NEW YORK – Devoted fans of literary works don't generally appreciate Hollywood's efforts to adapt those stories to the big screen.
But with the holiday movie barrage in full swing, page-to-screen transformations are proving smoother than usual.
About Schmidt, The Hours, Adaptation and, of course, The Lord of the Rings: The Two Towers, are all culled from well-regarded works of fiction. And while those are only a few titles out of a much longer list of notable literary projects, the films have proven Tom Clancy and Stephen King aren't the only authors who can write books that translate well into screenplays.
"Big studios are looking for the Clancys, the Grishams, things that have immediate name recognition," said Lisa Hamilton, a former scout for Michael Ovitz's agency, AMG. "But more adventurous producers like Scott Rudin (The Hours) can do smaller, quirkier stuff."
Turning literary fiction into a screenplay can be daunting. The process is depicted in Adaptation, in which a screenwriter played by Nicolas Cage agonizes over adapting a book.
"My case is so unique. It's the ultimate comment on adaptation," said Susan Orlean, whose book The Orchid Thief was the object of Cage's angst in the movie. "Very writerly books present the most temptation because people feel moved by them. But then there's the problem of what do you replace the writer's voice with."
Adapting Michael Cunningham's Pulitzer Prize-winning novel The Hours was perceived by many as a particularly tough assignment.
"I was certainly convinced that The Hours was unfilmable," Cunningham said in an interview. "I actually said to my long-suffering agent … we know one thing for sure, nobody is going to want to turn this critter into a movie."
But David Hare, who wrote the screenplay, managed to create both a faithful translation and compelling movie.
"I think (Hare) did the impossible, which was to adapt this very internal, very beautifully written book to a screenplay," said Julianne Moore, an Hours co-star.
The actress, a fan of the novel before it was ever optioned for movies, said she was "very worried" about how it would translate. "Especially when you are as attached to a book as I was to The Hours, you crack the script and think, 'Oh jeez, what have they done?'"
Hare said he never understood the aversion to adapting the book, despite its stream-of-consciousness style.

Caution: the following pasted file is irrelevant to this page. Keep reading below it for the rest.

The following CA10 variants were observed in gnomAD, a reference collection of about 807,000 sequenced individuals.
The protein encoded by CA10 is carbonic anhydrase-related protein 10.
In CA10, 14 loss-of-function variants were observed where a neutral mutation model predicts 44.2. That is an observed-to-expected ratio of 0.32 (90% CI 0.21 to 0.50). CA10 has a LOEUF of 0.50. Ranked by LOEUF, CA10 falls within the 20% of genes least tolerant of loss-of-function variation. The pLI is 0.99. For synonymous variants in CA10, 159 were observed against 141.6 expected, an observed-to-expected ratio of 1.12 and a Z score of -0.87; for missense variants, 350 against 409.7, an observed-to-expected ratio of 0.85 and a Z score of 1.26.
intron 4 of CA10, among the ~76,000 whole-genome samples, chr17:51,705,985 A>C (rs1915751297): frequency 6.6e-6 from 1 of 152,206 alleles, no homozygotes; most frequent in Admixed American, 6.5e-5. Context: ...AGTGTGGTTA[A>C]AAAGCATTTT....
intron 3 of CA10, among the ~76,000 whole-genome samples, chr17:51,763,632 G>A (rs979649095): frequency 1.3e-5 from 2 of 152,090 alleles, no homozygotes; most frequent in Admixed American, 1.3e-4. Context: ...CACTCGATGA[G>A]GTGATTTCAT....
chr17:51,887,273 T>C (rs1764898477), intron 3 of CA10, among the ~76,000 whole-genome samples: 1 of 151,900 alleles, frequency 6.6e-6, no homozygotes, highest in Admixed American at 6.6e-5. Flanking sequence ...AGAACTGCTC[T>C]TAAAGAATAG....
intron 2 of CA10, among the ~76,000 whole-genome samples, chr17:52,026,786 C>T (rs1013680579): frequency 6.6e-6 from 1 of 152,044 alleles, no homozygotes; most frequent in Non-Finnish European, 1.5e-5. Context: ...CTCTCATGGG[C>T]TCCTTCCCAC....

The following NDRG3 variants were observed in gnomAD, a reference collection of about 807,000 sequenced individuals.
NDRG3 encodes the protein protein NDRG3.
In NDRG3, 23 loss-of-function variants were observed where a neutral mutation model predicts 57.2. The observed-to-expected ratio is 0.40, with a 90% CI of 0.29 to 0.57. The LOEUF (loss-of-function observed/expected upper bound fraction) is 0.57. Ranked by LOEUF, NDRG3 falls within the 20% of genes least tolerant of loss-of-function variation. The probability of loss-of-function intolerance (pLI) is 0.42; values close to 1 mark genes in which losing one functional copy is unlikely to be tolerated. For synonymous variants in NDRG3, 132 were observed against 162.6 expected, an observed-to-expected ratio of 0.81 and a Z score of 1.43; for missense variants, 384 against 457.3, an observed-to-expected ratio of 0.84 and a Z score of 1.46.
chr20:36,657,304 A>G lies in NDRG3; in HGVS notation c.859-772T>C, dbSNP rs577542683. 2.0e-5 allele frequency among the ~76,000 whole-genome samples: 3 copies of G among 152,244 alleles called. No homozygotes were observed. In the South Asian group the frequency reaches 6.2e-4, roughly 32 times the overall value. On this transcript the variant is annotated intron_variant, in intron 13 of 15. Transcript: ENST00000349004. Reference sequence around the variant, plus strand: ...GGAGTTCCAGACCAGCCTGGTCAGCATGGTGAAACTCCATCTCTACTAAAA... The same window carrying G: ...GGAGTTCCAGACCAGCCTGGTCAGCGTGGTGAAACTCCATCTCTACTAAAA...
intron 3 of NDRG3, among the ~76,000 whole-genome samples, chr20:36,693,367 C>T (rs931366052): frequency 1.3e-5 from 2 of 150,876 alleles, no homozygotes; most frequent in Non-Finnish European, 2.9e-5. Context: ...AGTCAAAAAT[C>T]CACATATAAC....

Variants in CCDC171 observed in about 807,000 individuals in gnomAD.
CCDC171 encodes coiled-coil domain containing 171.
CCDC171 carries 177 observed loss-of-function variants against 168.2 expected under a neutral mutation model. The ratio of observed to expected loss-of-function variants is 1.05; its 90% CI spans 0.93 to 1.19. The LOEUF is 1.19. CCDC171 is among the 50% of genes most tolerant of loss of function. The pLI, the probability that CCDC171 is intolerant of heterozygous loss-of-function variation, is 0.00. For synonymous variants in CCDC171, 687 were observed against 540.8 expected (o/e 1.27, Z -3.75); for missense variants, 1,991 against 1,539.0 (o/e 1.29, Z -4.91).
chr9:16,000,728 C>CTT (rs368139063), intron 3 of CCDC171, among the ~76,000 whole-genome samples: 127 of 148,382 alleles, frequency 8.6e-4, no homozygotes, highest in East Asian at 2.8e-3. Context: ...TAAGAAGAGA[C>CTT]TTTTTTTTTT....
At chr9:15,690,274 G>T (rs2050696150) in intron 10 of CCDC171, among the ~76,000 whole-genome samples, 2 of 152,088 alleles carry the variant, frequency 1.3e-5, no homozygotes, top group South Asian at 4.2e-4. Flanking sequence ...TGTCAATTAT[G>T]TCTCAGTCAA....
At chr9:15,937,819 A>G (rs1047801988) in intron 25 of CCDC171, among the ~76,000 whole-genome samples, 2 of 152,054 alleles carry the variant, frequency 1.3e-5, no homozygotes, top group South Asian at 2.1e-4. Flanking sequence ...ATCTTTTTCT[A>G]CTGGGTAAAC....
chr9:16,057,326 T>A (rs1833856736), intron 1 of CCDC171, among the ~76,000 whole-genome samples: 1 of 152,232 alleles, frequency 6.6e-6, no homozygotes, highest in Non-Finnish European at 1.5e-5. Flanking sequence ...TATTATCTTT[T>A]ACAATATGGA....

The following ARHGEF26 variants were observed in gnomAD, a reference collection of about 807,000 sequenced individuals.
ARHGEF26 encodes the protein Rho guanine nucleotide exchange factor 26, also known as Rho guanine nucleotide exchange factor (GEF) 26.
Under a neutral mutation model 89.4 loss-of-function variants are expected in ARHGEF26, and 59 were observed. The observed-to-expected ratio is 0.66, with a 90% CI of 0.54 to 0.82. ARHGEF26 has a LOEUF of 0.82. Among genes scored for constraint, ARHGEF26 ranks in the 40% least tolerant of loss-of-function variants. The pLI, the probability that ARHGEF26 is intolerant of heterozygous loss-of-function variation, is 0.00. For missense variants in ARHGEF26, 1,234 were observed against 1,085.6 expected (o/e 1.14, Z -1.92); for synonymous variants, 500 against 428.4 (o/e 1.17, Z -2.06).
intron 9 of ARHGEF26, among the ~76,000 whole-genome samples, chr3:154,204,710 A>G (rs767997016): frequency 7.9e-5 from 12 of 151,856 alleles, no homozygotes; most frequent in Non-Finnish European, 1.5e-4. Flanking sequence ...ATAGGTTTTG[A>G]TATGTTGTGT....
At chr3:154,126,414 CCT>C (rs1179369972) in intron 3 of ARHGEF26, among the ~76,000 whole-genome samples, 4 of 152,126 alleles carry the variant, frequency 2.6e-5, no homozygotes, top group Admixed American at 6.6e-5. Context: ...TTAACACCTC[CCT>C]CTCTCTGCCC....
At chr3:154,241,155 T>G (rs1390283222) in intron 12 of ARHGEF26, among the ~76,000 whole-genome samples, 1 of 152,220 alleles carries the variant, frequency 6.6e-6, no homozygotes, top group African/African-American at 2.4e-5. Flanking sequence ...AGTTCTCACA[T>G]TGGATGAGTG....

"I didn't know why they said this book was unfilmable. The basic idea of it is so intensely filmic, which is you tell three different stories and you don't understand the way in which they fit together and then suddenly they all click together."
The film tackles the stories of three women in different time periods all connected by a Virginia Woolf book – including Woolf herself, played by Nicole Kidman.
But The Hours isn't usual Hollywood fare. Hamilton said action-packed page-turners like The Sum of All Fears usually make the most commercially viable films – especially for studios looking for a sure thing.
"Studios work by committee," she said. "They want big movies that are video games or mass-market, really franchised stuff."
But she added that with the right people, more "indie" books can make a successful leap. "There are good books, but they require a producer with a good eye," she said.
Even Hare said books need to be chosen carefully before they are considered for films.
"I think some books should have a wrapper saying: 'Never to be made into a major motion picture,'" he said.
The success of this season's page-to-screen translations have some predicting Hollywood may take more chances with some literary works.
"Movies are expensive. There's not a huge desire to take risks. But when you see a season when you have The Hours and Adaptation, it's an interesting comment on what kind of things people will watch," said Orlean.